A consumer-level survey by Transparency International Bangladesh reveals Dhaka Wasa to be a hub of corruption
Corruption runs rampant in Dhaka Water Supply and Sewerage Authority (Wasa), where a large number of consumers have complained of facing irregularities and being forced to pay bribes in order to get services.
The Transparency International Bangladesh (TIB) surveyed 2,768 consumers of the state-run utility company, responsible for supplying water in the capital, to find that around 62% consumers have suffered irregularities, harassment and corruption.
The TIB revealed the information at a press conference held at its Midas Centre office in Dhaka on Wednesday. The research, titled “Dhaka Wasa: Challenges for Good Governance and Way Forward,” was conducted in 10 of Wasa’s 11 MODs zones in the city, carried out from April 2018 to March 2019.
The study, conducted through interviews of consumers, sample collection and observation, also tracked Dhaka Wasa’s performance and feedback between 2010 and 2018.
According to the survey findings, 86.2% of Dhaka Wasa customers had to pay bribe to Wasa officials directly, while 15.8% paid bribe to brokers in order to get service.
During the survey, 36.1% of survey seekers complained of having to pay bribe; 51.3% said they were victims of negligence; 20.7% suffered delay in service; 23% were subjected to absurd billing; and 3.8% were victims of meter tampering or other such corruption.
More than one-third of customers said they were dissatisfied with its overall services.
Only 6.8% survey takers said they were satisfied with the quality of supplied water, while only 2.2% said they were satisfied with the sewerage service.
Speaking at the press conference, TIB Executive Director Iftekharuzzaman said corruption takes place at all levels of Dhaka Wasa based on mutual understanding, which is why it is difficult to pinpoint who is exactly responsible for the irregularities.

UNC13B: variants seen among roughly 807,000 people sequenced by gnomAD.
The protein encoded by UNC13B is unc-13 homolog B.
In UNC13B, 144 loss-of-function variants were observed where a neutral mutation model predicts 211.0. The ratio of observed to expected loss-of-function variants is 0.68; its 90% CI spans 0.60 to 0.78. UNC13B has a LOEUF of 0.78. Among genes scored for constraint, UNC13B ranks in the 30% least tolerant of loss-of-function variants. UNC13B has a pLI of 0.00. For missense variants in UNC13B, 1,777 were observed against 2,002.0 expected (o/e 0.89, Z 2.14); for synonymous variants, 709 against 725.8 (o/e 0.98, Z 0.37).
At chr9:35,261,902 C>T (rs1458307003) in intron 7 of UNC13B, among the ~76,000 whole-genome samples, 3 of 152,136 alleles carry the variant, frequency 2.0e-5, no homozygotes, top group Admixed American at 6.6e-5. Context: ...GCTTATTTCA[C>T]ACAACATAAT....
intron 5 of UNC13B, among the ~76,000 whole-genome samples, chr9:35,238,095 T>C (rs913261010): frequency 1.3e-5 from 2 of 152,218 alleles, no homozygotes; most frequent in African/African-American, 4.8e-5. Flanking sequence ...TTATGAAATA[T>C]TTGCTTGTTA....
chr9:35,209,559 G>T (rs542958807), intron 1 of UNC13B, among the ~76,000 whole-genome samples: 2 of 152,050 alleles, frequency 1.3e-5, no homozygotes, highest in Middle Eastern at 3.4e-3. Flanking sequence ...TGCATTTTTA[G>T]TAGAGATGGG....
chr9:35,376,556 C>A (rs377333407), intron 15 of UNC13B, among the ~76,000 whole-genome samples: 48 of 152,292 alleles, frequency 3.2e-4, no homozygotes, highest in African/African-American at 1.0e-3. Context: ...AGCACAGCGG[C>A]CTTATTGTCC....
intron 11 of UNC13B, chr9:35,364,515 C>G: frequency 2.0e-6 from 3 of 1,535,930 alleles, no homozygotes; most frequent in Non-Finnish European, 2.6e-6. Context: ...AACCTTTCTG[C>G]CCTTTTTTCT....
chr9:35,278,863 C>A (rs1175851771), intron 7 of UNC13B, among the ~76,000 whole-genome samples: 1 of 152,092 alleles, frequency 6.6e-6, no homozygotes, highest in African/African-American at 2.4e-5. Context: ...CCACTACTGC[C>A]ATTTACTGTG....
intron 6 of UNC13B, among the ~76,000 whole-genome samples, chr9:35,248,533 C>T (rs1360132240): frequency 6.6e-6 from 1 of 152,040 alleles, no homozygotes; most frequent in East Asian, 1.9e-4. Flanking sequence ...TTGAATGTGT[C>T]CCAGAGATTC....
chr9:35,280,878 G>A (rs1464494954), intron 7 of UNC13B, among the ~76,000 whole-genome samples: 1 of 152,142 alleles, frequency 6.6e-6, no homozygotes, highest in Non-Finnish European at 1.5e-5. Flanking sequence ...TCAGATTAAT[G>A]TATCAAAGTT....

“The Anti-Corruption Commission might be able to unearth the root of the rampant corruption,” he added.
He further said Dhaka Wasa did not have the capacity to meet the rising demand for water in Dhaka in a sustainable and environment-friendly manner.
Irregularities all around, complaints unheard
Consumers complained of facing a wide range of irregularities when availing Dhaka Wasa services.
The major complaints were of billing without meter reading, billing based on estimation, and meter readings by “assistants,” also known as “Dubli,” illegally recruited by revenue inspectors and pump operators. Rules state that revenue inspectors prepare bills after reading the meters.
Many survey takers said they did not find any coherence between their bills and what their meters showed.
The research also found that the customers are deeply unsatisfied with how Dhaka Wasa deals with their complaints – or does not.
Although the agency has a complaint redress centre in each MODs and revenue zone, as well as a hotline, there is a gap in its complaint redressing mechanism.
At least 61.5% of the customers who filed complaints received no solution, while 6.9% reported that the authority did not even receive their complaints, and 16.7% reported that Dhaka Wasa took a long time to resolve their complaints.
The irregularities are not limited to the customers only.
The study found that Dhaka Wasa employees faced corruption in recruitment, training, posting and transfer process.
The Dhaka Wasa authorities also bended rules to appoint their preferred individuals in important positions, many employees complained.
The government had issued a directive to formulate a policy to stop irregularities in the recruitment process in contractual positions in 2017, but it has yet to be implemented.
Some employees, meanwhile, have remained in the same position for years to be able to earn bribe, the study found. This happens mostly in the permission and renewal of deep tube-well installation.
The employees also complained of CBA members’ influence in the administrative work.
The TIB also made several recommendations to turn Dhaka Wasa into an effective and service-oriented organization — which include setting up a separate regulatory commission to determine the tariff of water and sewerage services; ensuring the formation of Wasa Board with members free from political influence; formulating policy to facilitate fair recruitment process of contractual positions; and introducing a standard assessment system in order to assess and enhance the quality of services.